Ma Rong is still often being scolded on Chinese social media, and her name will probably be tarnished for a long time. Nevertheless, the actress is occasionally still posting on her Weibo account and Xiaohongshu, and whenever she is spotted out in public, she looks well-dressed and always wears expensive clothing and jewelry.

 
 

#12 Li Xiaolu 李小璐

 

Li Xiaolu (李小璐, 1982), also known as Jacqueline Li, is a Chinese actress and singer who was once the youngest actress to win the Golden Horse Award for Best Leading Actress in Xiu Xiu: The Sent Down Girl (天浴). In 2012, Li married the famous Chinese actor Jia Nailiang (贾乃亮), with whom she had a baby shortly after.

In late 2017, Li got into a huge scandal when she was photographed spending the night at the home of The Rap of China rapper PG One. Since Li was still married at the time, social media blew up over this ‘cheating gate’ (出轨门), especially because Jia Nailiang was asked on live-stream where his wife was and he allegedly replied: “Getting her hair done!”

In October of 2019, older videos leaked online that showed Li and PG One kissing and behaving like a couple. A month later, Jia and Li announced they were getting divorced.

The extramarital affair meant a major blow to Li’s reputation as she was now being ‘canceled’ by the public and labeled as a “bad record performer” (劣迹艺人).

Where is she now?

Li Xiaolu still has her Weibo account with over 44 million followers. She often posts content related to her 8-year-old daughter, and she also does sponsored content and livestreams.

Although Li still has her fans and is probably doing well with selling products online, her name still often comes up in a negative way, and controversy seems to follow her to this day – many netizens think the actress is unethical for her past affair and for the way she dresses and raises her daughter.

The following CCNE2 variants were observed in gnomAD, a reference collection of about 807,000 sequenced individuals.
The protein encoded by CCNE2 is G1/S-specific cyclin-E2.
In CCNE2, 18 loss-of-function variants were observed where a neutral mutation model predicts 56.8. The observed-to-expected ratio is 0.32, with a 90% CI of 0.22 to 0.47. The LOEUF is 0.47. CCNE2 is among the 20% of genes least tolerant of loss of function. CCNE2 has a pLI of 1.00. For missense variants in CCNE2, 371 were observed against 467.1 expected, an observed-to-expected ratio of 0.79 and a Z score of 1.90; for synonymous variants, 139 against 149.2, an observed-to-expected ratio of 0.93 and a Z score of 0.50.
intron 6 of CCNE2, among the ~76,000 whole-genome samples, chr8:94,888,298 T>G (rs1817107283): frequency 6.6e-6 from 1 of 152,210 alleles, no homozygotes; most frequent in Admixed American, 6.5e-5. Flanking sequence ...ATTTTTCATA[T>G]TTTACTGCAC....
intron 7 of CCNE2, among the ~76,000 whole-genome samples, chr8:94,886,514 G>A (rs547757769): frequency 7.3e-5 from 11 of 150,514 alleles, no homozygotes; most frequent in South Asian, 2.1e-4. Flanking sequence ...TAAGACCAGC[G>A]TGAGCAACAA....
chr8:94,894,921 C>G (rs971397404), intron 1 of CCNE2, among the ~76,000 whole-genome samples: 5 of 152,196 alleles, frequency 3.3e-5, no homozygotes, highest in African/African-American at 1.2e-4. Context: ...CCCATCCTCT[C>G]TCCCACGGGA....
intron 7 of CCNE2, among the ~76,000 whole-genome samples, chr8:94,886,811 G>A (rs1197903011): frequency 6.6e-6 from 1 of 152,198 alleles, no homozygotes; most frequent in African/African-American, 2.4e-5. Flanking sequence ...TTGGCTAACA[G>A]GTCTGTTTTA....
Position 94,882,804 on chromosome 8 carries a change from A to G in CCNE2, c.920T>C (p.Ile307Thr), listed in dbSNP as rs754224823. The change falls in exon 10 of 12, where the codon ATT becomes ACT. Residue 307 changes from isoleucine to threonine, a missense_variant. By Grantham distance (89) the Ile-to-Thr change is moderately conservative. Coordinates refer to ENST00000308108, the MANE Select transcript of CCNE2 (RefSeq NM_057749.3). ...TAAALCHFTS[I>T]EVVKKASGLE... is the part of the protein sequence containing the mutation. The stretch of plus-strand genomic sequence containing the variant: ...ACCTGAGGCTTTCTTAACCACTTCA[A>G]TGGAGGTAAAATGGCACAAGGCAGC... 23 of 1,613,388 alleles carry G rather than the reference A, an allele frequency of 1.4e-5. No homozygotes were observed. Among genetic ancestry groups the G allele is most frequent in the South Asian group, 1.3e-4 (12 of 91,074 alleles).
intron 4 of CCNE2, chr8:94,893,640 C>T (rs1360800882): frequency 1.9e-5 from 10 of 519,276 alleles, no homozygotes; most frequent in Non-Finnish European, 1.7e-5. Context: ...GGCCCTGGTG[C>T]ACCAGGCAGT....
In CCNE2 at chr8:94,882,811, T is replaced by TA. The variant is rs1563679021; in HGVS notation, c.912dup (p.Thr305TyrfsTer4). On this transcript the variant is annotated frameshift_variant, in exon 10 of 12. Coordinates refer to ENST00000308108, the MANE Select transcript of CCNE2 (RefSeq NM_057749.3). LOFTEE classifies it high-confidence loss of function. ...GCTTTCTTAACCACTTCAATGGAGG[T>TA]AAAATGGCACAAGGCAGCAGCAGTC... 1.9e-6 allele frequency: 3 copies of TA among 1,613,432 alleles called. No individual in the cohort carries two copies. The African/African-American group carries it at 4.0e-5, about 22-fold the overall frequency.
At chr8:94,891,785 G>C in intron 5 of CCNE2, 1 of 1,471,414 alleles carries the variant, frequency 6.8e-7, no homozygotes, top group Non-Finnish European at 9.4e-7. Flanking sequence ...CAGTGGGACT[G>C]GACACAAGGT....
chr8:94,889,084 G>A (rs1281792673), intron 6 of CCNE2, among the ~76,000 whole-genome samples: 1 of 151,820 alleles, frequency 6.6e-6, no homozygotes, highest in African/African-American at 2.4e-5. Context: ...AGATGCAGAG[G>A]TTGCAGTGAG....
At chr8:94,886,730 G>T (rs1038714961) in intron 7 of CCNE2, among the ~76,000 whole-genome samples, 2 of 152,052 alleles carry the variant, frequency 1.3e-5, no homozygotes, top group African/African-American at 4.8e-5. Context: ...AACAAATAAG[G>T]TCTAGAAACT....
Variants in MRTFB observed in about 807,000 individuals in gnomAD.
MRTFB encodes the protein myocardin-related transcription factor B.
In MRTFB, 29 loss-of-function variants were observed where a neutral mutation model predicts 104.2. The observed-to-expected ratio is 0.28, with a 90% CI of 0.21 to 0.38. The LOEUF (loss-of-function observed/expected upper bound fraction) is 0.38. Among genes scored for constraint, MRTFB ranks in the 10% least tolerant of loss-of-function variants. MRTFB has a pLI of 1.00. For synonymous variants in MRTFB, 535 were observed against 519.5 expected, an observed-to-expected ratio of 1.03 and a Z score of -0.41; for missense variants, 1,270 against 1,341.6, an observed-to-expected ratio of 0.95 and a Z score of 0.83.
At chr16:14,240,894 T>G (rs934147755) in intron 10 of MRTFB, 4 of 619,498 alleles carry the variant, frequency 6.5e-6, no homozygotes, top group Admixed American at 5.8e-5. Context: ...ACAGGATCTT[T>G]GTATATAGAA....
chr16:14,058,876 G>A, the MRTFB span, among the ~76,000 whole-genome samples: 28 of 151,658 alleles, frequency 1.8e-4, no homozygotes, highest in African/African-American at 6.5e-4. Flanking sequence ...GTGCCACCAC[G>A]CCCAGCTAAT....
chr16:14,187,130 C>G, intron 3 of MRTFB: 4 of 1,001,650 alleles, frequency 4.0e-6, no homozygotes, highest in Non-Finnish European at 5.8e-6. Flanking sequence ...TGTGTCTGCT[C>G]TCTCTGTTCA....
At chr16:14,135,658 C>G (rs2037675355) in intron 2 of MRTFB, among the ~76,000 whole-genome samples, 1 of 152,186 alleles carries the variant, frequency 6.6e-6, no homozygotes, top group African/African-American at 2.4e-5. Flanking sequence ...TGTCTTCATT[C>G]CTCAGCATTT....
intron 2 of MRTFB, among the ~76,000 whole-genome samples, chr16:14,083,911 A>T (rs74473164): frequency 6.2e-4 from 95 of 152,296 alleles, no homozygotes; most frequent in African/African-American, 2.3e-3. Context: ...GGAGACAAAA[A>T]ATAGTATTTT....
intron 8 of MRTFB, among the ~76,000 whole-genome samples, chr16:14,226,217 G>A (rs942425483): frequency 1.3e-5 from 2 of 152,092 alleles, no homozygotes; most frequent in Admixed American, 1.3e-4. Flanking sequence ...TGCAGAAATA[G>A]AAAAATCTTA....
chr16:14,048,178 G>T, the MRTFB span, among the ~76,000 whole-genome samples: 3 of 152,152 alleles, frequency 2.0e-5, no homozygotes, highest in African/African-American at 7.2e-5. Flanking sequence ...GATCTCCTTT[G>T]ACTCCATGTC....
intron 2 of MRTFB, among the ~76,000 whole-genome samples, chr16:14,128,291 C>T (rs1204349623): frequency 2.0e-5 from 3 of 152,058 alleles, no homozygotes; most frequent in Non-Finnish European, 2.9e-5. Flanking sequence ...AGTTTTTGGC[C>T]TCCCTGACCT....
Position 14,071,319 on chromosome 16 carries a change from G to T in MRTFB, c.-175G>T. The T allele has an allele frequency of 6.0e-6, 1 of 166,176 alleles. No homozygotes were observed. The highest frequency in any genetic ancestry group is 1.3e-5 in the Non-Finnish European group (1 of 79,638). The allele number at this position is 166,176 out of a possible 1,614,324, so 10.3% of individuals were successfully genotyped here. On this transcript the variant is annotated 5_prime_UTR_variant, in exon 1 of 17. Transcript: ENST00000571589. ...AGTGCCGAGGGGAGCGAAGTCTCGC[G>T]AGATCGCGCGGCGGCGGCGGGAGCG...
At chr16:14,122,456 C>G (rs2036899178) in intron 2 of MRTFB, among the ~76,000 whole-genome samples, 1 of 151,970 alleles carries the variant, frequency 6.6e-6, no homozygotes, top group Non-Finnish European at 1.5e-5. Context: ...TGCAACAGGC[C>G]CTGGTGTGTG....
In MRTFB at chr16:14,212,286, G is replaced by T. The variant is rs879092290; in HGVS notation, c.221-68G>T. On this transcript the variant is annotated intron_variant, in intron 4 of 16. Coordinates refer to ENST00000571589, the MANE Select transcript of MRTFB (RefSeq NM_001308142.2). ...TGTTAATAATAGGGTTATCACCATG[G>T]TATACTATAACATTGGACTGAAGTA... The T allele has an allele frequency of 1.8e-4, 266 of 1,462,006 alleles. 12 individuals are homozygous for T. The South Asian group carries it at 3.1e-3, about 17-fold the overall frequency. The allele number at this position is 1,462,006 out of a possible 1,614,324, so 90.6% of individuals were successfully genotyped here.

#13 Chen Yufan 陈羽凡

 

Chen Yufan (陈羽凡, 1975) is a Chinese actor and singer-songwriter and half of the popular pop duo Yu Quan (羽泉). In 2018, Chen became a ‘tainted celebrity’ when Beijing authorities announced on Weibo that the artist had been arrested for drug possession after they had received tips from the public.

As reported by SupChina at the time, the singer at home joined by another person when the police caught him with 7.96 grams of crystal meth and 2.14 grams of marijuana. Both Chen and the 25-year-old female he was with tested positive for illegal drugs.

Chen was detained, labeled a “drug addict,” and was ordered to pay regular visits to a local rehab center for three years.

Later, Chen’s musical partner and friend of twenty years, Hu Haiquan (胡海泉) posted on Weibo that he was hurt by Chen’s actions, which also affected their fans. Their upcoming concert was canceled and the duo band, which was established in 1998, was dissolved.

Where is he now?

Although Chen still has his Weibo account, he barely uses it. The singer has withdrawn from the public eye.